Watson Institute for International and Public Affairs

Devesh Kapur – The Other One Percent: Indians in America

Friday, November 13, 2015

2 p.m.

S050, CGIS South, 1730 Cambridge Street, Cambridge MA

Devesh Kapur was appointed Director of the Center for the Advanced Study of India in 2006. He is Professor of Political Science at Penn, and holds the Madan Lal Sobti Chair for the Study of Contemporary India. Prior to arriving at Penn, Professor Kapur was Associate Professor of Government at the University of Texas at Austin, and before that the Frederick Danziger Associate Professor of Government at Harvard. His research focuses on human capital, national and international public institutions, and the ways in which local-global linkages, especially international migration and international institutions, affect political and economic change in developing countries, especially India. His book, Diaspora, Democracy and Development: The Impact of International Migration from India on India, published by Princeton University Press in August 2010, earned him the 2012 ENMISA (Ethnicity, Nationalism, and Migration Section of International Studies Association) Distinguished Book Award. His latest book, Defying the Odds: The Rise of Dalit Entrepreneurs (co-authored with D. Shyam Babu and Chandra Bhan Prasad), was published in July 2014 by Random House India. Professor Kapur is the recipient of the Joseph R. Levenson Teaching Prize awarded to the best junior faculty, Harvard College, in 2005. He is a monthly contributor to the Business Standard. Professor Kapur holds a B. Tech in Chemical Engineering from the Institute of Technology, Banaras Hindu University; an M.S. in Chemical Engineering from the University of Minnesota; and a Ph.D. from the Woodrow Wilson School at Princeton.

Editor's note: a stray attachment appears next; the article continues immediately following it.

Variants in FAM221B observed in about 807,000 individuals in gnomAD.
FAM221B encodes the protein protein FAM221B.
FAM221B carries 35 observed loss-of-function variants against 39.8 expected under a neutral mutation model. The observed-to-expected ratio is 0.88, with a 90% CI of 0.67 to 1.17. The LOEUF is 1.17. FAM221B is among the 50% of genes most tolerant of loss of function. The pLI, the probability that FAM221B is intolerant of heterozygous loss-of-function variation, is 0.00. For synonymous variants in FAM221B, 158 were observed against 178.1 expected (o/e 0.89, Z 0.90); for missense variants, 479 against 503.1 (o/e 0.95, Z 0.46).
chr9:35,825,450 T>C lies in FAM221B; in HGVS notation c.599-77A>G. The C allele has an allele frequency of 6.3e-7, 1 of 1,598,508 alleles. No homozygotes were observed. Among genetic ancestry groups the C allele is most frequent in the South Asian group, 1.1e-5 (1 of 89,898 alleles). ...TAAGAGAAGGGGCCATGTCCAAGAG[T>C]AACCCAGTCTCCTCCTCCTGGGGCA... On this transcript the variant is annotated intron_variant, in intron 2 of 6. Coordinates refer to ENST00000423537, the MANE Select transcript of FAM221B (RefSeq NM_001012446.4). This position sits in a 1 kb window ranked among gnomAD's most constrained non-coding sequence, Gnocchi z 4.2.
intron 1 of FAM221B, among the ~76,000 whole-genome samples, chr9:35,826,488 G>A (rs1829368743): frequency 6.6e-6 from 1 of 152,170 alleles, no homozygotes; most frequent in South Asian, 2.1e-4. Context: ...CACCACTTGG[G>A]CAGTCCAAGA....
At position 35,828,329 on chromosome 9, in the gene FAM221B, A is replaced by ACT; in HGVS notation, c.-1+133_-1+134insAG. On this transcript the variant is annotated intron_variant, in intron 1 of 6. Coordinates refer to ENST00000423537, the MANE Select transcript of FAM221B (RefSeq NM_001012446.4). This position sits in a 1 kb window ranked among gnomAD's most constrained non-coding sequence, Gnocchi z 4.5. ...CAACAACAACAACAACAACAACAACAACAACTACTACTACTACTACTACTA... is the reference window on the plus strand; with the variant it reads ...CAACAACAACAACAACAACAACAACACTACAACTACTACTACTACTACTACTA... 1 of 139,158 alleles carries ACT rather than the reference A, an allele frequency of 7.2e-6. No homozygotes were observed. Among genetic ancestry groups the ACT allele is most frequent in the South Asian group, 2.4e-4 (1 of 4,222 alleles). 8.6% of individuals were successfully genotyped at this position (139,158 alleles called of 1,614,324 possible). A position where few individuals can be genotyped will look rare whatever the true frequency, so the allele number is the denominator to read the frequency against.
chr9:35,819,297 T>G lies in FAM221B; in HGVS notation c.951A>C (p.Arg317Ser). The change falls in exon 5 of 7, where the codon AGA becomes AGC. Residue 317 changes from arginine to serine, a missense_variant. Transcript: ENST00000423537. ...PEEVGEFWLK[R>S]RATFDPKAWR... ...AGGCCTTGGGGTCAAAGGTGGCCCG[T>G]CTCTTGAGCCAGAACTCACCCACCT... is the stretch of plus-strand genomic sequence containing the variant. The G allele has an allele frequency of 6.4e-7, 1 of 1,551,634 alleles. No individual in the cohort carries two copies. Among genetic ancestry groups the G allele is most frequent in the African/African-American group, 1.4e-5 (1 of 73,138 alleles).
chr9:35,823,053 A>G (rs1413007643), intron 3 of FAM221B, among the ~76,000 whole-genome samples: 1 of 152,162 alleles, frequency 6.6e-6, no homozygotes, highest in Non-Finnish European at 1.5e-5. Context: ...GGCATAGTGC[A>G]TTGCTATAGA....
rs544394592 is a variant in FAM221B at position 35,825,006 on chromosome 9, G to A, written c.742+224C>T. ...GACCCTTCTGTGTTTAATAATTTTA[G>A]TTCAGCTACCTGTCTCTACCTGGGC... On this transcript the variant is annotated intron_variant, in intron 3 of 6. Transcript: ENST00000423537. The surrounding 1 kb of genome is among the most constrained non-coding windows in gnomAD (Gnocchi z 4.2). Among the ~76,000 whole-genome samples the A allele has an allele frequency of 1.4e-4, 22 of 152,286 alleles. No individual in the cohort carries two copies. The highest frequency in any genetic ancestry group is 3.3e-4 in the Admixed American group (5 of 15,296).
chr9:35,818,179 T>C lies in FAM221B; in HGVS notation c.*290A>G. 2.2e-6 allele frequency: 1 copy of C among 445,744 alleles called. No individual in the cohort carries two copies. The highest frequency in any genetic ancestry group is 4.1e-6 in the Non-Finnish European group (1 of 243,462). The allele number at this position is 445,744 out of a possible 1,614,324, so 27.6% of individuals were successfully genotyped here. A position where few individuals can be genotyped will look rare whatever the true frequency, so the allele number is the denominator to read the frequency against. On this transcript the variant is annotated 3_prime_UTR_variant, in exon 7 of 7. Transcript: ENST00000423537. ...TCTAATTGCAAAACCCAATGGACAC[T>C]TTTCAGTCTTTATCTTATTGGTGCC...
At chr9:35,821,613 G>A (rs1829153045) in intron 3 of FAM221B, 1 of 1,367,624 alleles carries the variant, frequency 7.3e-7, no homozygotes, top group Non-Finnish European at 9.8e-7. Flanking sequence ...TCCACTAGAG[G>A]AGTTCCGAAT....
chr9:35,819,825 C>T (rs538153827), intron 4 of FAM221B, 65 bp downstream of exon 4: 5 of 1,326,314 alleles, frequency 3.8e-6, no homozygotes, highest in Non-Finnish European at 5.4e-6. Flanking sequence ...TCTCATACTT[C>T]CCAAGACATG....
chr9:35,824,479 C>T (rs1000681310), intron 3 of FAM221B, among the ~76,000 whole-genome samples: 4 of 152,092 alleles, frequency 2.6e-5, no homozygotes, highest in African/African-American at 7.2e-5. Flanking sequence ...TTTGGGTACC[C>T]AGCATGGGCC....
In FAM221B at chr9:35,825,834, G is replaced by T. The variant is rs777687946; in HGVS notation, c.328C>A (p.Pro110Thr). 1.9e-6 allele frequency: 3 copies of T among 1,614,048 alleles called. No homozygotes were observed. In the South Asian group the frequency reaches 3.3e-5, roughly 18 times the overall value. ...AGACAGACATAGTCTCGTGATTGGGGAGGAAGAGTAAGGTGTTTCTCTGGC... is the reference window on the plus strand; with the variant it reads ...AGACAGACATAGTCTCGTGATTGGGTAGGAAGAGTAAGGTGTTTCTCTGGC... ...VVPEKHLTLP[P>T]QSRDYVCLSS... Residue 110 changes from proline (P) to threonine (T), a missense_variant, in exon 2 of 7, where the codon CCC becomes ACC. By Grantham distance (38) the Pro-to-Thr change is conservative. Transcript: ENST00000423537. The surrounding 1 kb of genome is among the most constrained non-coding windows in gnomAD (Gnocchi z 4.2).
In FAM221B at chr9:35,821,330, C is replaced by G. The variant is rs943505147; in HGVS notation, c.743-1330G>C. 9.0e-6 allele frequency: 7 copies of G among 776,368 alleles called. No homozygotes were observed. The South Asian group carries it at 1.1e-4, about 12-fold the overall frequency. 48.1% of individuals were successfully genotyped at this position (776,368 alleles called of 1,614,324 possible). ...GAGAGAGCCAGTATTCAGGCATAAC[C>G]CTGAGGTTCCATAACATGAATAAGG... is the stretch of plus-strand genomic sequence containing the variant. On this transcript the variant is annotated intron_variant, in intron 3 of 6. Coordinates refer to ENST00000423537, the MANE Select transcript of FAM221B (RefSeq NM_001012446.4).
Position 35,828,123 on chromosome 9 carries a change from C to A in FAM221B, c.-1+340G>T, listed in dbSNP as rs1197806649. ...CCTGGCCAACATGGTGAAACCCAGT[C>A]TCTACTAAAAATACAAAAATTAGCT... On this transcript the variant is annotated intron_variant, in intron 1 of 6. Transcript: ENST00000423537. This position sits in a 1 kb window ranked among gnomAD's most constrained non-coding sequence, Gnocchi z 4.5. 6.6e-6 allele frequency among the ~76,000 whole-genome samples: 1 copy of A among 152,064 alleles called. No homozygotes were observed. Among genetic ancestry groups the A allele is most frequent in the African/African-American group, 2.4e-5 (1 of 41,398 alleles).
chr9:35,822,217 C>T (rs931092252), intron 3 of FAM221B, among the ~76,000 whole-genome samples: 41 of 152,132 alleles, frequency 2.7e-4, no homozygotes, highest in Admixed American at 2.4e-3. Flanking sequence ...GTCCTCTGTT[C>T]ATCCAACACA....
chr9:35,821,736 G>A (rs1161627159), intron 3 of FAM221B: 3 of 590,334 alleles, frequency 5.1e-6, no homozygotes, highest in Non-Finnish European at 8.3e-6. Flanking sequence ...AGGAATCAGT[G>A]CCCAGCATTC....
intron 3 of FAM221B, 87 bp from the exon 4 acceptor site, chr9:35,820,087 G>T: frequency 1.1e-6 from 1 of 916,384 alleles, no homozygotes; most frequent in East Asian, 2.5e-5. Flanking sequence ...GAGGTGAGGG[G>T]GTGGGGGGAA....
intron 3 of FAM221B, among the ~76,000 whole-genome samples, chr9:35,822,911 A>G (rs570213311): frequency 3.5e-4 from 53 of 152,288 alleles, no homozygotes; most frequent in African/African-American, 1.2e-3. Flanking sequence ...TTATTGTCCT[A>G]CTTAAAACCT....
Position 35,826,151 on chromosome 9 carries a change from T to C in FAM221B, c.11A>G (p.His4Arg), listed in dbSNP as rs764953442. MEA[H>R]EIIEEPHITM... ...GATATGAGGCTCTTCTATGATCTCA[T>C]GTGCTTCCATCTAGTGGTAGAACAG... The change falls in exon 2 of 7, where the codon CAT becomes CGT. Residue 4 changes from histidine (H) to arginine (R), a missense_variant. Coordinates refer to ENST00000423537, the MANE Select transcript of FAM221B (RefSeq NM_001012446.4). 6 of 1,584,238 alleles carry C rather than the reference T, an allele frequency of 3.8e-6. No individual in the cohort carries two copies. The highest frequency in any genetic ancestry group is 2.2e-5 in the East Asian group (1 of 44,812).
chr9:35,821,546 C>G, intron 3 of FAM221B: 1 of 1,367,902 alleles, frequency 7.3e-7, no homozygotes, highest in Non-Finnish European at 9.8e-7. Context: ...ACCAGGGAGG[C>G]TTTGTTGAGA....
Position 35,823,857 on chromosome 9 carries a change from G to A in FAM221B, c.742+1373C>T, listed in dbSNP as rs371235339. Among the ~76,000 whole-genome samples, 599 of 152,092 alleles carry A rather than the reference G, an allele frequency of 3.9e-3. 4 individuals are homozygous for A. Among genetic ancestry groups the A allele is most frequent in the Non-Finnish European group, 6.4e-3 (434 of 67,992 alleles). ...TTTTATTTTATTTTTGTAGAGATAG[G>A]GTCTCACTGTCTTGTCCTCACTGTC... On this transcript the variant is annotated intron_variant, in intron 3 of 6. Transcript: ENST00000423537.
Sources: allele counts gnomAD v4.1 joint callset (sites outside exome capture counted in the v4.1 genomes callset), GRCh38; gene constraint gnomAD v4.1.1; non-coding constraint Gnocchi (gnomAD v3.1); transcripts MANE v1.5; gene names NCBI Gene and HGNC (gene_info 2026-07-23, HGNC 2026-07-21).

The Brown-Harvard-MIT Joint Seminar on South Asian Politics approaches some of the big questions of politics, political economy and security, on which the South Asian region in general, and India in particular, offers engaging perspectives. Read more at southasianpolitics.net

Center for Contemporary South Asia